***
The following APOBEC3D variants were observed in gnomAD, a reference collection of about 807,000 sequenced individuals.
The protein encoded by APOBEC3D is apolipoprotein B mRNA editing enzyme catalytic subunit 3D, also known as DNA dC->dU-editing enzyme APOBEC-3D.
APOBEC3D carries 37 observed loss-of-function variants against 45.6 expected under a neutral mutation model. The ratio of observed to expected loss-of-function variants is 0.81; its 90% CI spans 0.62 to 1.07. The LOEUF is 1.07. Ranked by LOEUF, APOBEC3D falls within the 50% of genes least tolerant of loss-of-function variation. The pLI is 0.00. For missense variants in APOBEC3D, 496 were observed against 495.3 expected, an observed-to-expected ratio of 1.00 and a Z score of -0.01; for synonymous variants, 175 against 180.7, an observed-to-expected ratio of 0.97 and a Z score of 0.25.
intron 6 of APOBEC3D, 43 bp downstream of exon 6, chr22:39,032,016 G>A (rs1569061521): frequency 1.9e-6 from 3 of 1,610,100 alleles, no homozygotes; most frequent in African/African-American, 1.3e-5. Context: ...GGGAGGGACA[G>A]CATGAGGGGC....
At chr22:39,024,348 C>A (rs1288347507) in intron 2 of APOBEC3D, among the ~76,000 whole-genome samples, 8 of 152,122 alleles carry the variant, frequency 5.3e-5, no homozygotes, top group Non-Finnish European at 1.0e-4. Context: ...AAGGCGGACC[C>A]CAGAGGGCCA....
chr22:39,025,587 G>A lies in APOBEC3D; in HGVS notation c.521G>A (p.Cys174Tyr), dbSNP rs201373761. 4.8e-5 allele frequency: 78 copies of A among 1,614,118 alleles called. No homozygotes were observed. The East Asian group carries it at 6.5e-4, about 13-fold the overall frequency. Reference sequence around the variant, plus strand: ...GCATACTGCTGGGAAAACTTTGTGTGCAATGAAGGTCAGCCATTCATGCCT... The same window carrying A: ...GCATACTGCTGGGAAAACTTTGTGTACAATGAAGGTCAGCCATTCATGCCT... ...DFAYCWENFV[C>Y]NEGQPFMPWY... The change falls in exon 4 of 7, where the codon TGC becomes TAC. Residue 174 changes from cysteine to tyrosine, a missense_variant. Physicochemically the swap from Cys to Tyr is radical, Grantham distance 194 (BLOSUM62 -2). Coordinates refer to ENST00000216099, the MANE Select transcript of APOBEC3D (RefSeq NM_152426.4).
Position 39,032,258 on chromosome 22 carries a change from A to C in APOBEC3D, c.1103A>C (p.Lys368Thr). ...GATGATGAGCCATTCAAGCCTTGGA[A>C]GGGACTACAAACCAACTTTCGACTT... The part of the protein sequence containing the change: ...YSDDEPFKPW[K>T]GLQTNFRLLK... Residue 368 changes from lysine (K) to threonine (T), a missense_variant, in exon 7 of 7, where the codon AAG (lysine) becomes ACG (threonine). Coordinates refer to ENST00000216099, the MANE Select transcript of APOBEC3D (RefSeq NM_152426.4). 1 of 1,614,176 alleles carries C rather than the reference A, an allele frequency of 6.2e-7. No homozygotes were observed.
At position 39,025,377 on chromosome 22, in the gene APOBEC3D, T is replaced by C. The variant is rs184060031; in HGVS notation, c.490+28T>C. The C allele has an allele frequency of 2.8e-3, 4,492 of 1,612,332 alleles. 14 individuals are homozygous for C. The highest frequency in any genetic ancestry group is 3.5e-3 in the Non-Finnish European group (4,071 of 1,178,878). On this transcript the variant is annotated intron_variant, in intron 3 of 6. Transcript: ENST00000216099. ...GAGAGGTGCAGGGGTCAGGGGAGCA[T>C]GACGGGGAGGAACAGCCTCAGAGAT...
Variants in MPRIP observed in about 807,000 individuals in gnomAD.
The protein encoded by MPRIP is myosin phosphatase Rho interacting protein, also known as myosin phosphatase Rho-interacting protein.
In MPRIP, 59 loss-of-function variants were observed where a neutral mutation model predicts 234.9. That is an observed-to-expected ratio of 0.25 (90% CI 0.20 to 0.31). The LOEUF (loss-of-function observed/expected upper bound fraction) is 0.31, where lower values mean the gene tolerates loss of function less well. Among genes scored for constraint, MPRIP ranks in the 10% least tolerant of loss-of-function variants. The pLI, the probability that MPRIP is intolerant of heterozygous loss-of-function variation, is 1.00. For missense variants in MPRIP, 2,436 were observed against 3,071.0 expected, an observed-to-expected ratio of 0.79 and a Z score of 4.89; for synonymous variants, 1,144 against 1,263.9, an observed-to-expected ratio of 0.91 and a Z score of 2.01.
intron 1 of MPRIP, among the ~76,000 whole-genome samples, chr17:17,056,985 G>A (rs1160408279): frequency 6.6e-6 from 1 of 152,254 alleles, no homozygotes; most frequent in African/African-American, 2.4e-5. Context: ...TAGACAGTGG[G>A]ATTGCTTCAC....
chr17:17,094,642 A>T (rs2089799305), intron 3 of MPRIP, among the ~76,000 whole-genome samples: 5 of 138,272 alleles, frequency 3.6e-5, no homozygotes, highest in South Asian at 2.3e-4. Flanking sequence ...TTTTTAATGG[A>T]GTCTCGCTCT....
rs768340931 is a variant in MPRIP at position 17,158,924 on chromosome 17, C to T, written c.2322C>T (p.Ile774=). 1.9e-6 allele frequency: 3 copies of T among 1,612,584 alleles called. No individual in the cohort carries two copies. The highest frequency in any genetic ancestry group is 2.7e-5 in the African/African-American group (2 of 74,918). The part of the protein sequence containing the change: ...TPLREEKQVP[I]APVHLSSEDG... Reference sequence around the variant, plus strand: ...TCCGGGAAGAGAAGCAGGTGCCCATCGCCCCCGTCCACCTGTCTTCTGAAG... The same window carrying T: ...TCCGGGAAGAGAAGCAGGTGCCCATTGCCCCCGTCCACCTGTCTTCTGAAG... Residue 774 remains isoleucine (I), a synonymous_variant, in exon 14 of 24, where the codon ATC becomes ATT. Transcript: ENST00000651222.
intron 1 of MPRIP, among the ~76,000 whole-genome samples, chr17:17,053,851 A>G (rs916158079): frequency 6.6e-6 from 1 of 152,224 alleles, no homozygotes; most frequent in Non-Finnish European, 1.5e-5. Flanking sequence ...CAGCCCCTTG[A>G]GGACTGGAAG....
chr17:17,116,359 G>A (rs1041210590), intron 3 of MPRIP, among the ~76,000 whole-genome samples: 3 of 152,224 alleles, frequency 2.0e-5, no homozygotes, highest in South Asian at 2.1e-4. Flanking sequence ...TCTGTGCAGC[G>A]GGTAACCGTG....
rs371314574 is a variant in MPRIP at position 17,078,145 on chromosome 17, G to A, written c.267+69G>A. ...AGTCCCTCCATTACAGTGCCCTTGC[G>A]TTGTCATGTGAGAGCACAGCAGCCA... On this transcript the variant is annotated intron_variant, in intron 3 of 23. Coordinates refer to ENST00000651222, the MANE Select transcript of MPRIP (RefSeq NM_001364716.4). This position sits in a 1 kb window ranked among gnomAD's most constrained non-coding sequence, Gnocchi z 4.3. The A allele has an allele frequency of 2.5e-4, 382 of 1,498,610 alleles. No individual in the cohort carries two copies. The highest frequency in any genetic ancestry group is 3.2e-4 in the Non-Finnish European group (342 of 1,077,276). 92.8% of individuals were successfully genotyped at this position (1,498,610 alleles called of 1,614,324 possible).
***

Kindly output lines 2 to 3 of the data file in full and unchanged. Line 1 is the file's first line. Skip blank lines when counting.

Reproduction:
The protein encoded by APOBEC3D is apolipoprotein B mRNA editing enzyme catalytic subunit 3D, also known as DNA dC->dU-editing enzyme APOBEC-3D.
APOBEC3D carries 37 observed loss-of-function variants against 45.6 expected under a neutral mutation model. The ratio of observed to expected loss-of-function variants is 0.81; its 90% CI spans 0.62 to 1.07. The LOEUF is 1.07. Ranked by LOEUF, APOBEC3D falls within the 50% of genes least tolerant of loss-of-function variation. The pLI is 0.00. For missense variants in APOBEC3D, 496 were observed against 495.3 expected, an observed-to-expected ratio of 1.00 and a Z score of -0.01; for synonymous variants, 175 against 180.7, an observed-to-expected ratio of 0.97 and a Z score of 0.25.